The decision gives the 15 ITV contractors at least another three months under the existing regime, which they want preserved and independent programme makers want scrapped.
The OFT found that the existing system penalised independent programme makers and put other broadcasters at a disadvantage to Channel 3 licensees.
It proposed rule changes to allow independent producers to sell programmes directly to the ITV network. It also suggested outlawing long-term contracts that give broadcasters exclusive rights to programmes for up to 15 years.
The MMC inquiry was expected after the ITV companies and the Independent Television Commission lodged a formal request. Under the Broadcasting Act 1990 the MMC is obliged to investigate unless it considers the request frivolous or vexatious.
The MMC said it expected the investigation, the first under the Broadcasting Act, would take less than three months. The old networking regime will continue while it takes place.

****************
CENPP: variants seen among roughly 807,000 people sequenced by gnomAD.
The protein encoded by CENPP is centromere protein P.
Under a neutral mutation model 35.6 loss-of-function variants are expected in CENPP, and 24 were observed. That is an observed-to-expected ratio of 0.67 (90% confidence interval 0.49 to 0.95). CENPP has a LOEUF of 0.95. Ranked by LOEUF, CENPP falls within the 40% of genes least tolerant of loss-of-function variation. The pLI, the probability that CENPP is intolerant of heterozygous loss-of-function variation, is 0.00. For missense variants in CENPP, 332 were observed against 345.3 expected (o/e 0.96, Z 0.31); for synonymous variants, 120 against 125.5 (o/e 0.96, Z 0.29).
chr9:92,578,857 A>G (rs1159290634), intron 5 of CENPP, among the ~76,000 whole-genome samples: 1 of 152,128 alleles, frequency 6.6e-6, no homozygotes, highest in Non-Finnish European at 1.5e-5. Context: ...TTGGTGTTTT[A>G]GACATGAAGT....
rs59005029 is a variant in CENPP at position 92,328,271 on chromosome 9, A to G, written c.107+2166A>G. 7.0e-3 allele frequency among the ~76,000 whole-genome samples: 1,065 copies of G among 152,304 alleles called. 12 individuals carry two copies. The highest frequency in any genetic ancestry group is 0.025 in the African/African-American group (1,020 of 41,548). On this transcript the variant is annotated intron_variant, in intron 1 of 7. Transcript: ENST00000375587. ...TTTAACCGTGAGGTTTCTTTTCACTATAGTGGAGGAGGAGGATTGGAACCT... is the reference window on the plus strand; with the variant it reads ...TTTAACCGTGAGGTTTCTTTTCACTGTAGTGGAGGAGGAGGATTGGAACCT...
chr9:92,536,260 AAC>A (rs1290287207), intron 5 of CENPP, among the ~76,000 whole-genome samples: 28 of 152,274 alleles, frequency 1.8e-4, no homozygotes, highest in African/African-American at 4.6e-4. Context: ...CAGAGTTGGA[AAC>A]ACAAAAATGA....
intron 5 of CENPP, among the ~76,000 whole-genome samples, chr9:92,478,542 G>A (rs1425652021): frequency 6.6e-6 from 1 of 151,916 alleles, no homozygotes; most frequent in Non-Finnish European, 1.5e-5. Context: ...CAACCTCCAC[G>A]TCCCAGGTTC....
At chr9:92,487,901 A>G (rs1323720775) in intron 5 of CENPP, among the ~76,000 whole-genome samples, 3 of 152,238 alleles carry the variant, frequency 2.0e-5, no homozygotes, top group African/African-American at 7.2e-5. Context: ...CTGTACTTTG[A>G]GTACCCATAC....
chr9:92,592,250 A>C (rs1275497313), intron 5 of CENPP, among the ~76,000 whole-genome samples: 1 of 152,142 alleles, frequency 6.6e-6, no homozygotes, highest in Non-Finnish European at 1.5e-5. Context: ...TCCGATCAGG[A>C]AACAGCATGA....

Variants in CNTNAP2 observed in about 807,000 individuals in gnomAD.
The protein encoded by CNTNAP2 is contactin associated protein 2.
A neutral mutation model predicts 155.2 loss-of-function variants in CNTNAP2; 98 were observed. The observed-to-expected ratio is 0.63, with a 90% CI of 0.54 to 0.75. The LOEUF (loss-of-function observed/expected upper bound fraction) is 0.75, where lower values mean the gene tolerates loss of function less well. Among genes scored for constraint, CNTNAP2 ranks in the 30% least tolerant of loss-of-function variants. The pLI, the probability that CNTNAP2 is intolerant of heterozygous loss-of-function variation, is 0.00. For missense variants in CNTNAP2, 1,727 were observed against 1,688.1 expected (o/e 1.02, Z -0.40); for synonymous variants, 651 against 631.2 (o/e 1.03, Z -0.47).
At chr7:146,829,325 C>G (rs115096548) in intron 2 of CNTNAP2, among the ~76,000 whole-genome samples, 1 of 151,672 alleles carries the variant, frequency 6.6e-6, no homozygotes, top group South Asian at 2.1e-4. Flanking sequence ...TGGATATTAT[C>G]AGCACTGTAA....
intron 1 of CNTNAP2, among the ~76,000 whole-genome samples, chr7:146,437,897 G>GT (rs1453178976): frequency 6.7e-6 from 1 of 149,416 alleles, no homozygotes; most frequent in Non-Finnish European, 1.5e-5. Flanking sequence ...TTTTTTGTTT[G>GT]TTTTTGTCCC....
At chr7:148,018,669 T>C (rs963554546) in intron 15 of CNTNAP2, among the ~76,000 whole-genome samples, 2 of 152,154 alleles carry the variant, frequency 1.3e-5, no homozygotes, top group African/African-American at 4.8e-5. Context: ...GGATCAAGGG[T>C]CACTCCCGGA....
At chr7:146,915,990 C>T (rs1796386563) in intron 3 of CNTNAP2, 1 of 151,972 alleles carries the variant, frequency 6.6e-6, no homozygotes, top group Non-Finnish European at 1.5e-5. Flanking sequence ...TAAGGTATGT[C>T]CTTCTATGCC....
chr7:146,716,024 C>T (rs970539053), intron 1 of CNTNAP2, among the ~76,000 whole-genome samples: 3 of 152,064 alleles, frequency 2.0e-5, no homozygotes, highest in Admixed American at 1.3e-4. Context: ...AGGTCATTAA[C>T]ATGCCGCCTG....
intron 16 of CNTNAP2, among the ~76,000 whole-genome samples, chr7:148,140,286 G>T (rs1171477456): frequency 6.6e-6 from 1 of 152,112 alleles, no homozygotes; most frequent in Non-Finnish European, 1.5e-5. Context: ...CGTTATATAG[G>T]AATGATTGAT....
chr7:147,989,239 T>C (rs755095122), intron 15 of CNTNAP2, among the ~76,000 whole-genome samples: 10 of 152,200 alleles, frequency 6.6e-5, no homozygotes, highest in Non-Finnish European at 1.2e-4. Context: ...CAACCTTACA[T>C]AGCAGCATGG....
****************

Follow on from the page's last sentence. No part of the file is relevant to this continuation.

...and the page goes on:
John Woodward, chief executive of the independent producers' trade body Pact, said the investigation was a waste of time. 'We are confident the MMC is only going to reiterate what the OFT has already said,' he went on.
'It is a calculated attempt by the ITV companies to hoover up a whole range of programme rights in the interim three months.'
The ITC, the broadcasting regulator, is concerned that if independent producers sell direct to the network programmes will not be properly vetted. At present the Channel 3 companies are responsible for all programmes they sponsor, even if they are produced independently.
The Channel 3 companies attacked the OFT's findings, accusing the Director-General of Fair Trading, Sir Bryan Carsberg, of creating 'a charter for Rupert Murdoch' - whose BSkyB satellite channels are unaffected.Reuse content